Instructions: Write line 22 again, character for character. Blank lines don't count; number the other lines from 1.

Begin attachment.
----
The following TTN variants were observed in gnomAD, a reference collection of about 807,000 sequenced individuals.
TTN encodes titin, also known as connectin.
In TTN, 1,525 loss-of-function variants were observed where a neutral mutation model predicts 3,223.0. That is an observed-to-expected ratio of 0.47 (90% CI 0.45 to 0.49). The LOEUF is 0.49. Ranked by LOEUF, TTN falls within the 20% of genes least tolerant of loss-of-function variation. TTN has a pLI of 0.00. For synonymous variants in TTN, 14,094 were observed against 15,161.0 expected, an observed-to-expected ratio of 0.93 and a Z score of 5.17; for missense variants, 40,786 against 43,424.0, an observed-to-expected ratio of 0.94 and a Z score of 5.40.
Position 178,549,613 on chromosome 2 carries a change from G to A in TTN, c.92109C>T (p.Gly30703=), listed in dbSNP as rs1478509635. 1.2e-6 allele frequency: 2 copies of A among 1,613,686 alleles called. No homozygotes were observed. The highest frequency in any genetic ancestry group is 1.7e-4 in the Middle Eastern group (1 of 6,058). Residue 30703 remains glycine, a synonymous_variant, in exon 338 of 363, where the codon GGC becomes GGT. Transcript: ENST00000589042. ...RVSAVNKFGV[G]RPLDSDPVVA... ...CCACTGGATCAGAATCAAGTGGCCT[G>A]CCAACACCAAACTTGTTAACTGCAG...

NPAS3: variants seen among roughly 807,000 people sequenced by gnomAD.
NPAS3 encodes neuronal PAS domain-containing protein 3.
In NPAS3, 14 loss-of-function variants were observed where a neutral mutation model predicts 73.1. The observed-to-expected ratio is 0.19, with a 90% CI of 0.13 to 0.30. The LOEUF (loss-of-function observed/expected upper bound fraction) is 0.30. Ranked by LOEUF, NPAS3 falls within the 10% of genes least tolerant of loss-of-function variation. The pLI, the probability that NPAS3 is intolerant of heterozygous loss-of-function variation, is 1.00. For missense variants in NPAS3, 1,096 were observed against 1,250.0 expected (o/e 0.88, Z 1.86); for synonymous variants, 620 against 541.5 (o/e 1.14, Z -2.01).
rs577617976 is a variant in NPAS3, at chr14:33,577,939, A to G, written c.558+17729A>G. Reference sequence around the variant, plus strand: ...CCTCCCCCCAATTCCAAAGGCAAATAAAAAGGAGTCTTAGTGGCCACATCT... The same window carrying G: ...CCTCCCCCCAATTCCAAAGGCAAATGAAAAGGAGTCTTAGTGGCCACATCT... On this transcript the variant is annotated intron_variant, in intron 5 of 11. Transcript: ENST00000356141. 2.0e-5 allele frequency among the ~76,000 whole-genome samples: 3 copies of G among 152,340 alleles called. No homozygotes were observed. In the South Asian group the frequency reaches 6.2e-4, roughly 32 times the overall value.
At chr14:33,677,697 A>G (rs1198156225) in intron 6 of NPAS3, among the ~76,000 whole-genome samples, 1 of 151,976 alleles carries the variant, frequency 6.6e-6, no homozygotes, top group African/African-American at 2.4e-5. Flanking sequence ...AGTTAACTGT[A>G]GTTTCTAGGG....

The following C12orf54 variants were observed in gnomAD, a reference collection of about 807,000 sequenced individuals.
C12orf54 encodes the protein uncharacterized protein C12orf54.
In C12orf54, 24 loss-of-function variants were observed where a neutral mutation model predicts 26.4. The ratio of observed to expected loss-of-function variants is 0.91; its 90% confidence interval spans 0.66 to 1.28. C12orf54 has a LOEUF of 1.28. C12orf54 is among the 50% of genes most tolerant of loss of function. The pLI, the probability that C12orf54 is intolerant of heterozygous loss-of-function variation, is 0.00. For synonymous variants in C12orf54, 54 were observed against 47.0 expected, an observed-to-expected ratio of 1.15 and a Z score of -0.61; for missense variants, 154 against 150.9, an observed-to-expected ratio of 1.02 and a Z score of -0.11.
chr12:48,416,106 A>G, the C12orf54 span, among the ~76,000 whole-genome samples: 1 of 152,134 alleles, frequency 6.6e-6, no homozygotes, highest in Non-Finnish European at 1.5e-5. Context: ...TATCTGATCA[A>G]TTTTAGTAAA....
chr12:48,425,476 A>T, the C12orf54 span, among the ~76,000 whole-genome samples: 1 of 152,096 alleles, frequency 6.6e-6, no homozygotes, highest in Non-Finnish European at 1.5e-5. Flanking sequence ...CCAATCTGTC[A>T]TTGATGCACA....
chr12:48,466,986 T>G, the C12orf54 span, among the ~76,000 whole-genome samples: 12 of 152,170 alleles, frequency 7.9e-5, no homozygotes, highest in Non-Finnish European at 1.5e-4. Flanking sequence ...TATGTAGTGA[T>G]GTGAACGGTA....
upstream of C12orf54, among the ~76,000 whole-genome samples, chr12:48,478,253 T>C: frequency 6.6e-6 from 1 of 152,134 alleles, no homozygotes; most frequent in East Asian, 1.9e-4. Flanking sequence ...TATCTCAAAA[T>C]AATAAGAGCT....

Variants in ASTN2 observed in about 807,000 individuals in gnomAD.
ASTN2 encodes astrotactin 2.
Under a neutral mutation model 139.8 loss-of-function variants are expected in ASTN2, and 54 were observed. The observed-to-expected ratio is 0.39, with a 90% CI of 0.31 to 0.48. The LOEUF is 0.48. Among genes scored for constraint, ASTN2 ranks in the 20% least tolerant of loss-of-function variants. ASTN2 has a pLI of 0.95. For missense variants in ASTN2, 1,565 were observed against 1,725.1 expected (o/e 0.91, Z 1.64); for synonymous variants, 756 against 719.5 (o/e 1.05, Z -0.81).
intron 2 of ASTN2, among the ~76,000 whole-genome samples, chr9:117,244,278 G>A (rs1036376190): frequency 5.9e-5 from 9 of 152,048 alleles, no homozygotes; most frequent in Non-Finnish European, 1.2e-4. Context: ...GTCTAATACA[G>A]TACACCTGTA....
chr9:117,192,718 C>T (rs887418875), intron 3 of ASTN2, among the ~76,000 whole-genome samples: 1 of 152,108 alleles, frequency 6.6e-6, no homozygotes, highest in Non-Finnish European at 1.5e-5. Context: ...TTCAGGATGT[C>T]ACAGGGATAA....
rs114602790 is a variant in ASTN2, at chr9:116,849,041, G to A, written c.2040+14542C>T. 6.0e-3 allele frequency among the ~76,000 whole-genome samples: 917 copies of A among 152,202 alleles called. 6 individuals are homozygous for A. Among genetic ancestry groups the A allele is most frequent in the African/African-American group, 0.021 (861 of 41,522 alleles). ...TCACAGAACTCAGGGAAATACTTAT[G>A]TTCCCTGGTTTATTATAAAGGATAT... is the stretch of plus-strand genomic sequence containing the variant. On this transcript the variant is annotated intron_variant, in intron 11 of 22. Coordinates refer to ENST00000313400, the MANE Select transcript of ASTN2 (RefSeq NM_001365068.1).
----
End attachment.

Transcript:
rs114602790 is a variant in ASTN2, at chr9:116,849,041, G to A, written c.2040+14542C>T. 6.0e-3 allele frequency among the ~76,000 whole-genome samples: 917 copies of A among 152,202 alleles called. 6 individuals are homozygous for A. Among genetic ancestry groups the A allele is most frequent in the African/African-American group, 0.021 (861 of 41,522 alleles). ...TCACAGAACTCAGGGAAATACTTAT[G>A]TTCCCTGGTTTATTATAAAGGATAT... is the stretch of plus-strand genomic sequence containing the variant. On this transcript the variant is annotated intron_variant, in intron 11 of 22. Coordinates refer to ENST00000313400, the MANE Select transcript of ASTN2 (RefSeq NM_001365068.1).